- Apr 2022
We have to endlessly scroll and parse a ton of images and headlines before we can find something interesting to read.
The randomness of interesting tidbits in a social media scroll help to put us in a state of flow. We get small hits of dopamine from finding interesting posts to fill in the gaps of the boring bits in between and suddenly find we've lost the day. As a result an endless scroll of varying quality might have the effect of making one feel productive when in fact a reasonably large proportion of your time is spent on useless and uninteresting content.
This effect may be put even further out when it's done algorithmically and the dopamine hits become more frequent. Potentially worse than this, the depth of the insight found in most social feeds is very shallow and rarely ever deep. One is almost never invited to delve further to find new insights.
How might a social media stream of content be leveraged to help people read more interesting and complex content? Could putting Jacques Derrida's texts into a social media-like framing create this? Then one could reply to the text by sentence or paragraph with their own notes. This is similar to the user interface of Hypothes.is, but Hypothes.is has a more traditional reading interface compared to the social media space. What if one interspersed multiple authors in short threads? What other methods might work to "trick" the human mind into having more fun and finding flow in their deeper and more engaged reading states?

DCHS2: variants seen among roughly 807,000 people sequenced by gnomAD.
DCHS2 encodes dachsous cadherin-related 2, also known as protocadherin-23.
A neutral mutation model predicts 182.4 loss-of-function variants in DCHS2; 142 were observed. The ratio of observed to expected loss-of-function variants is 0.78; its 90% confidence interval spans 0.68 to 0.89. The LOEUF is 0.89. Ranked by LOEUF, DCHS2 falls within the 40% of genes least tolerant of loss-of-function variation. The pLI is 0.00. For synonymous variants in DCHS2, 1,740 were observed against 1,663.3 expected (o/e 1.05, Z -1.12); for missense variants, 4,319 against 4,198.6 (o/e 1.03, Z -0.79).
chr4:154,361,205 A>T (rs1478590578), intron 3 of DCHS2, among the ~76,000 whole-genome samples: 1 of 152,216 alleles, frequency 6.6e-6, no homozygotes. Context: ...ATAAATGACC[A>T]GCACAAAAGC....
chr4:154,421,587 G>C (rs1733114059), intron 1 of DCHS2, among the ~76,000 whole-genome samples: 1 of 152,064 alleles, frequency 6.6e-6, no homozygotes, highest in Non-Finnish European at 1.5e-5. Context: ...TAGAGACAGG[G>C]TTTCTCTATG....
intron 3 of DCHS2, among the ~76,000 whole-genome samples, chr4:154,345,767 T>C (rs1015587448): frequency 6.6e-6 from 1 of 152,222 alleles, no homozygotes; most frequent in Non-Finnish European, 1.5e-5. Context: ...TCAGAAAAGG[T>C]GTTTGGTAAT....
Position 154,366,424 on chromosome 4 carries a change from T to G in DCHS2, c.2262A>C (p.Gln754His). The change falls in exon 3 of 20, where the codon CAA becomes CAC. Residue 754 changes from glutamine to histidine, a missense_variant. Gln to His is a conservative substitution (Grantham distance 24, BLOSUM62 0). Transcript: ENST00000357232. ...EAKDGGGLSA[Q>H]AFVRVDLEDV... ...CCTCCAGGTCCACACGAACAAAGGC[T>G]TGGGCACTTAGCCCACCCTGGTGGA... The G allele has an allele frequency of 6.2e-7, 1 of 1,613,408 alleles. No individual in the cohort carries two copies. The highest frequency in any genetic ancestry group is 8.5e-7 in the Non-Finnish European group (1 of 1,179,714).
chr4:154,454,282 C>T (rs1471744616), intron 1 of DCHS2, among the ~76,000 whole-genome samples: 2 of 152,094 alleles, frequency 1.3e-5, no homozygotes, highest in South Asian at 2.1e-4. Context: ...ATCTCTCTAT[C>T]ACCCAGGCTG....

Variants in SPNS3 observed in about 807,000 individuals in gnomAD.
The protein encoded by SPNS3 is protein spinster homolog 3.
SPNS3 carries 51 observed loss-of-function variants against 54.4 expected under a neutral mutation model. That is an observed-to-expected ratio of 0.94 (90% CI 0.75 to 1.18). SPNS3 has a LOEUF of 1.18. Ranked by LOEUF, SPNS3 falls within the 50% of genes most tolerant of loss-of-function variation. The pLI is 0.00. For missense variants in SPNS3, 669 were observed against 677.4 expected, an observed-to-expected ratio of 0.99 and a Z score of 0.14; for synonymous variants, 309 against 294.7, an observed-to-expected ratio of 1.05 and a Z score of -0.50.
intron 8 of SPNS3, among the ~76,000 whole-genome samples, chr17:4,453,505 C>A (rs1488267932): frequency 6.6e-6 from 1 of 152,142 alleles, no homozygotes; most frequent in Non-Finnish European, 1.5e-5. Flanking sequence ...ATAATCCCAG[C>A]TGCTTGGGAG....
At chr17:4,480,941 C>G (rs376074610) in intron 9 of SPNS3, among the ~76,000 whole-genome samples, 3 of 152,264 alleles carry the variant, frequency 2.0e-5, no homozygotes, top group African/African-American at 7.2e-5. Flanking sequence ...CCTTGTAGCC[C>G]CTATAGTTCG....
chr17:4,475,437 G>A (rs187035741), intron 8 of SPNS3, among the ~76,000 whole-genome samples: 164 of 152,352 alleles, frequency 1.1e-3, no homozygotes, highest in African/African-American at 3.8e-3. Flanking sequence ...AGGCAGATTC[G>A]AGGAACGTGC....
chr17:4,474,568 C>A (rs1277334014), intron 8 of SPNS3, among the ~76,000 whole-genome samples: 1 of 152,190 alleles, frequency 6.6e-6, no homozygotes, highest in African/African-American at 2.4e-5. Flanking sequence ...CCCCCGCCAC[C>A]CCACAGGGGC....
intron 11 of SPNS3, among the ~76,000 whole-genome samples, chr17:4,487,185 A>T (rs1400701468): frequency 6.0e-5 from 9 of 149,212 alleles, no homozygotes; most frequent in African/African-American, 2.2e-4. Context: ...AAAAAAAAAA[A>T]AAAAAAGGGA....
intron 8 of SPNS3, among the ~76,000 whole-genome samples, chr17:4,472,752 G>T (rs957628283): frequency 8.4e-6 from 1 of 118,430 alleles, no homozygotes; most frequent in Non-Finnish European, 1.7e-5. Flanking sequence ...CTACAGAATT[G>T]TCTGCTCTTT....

Link this to the idea of fun in Sönke Ahrens' How to Take Smart Notes.
- Sönke Ahrens
- user interfaces
- active reading
- deep reading
- digital social reading
- social annotation
- Mihaly Csikszentmihalyi
- algorithmic feeds
- Jacques Derrida
- social media
Instead read this gems brief source code completely before use OR copy the code straight into your codebase.
- having a deep understanding of something
- learning by reading the source
- software development: use of libraries vs. copying code into app project
- software development: use of libraries: only use if you've read the source and understand how it works
- copy and paste programming
- read the source code
- Jun 2021
Deep reading, as Maryanne Wolf argues, is indistinguishable from deep thinking.
I like this concept of deep reading.
Compare/contrast with close reading and distant reading.
What other types of reading might we imagine?
- Jul 2015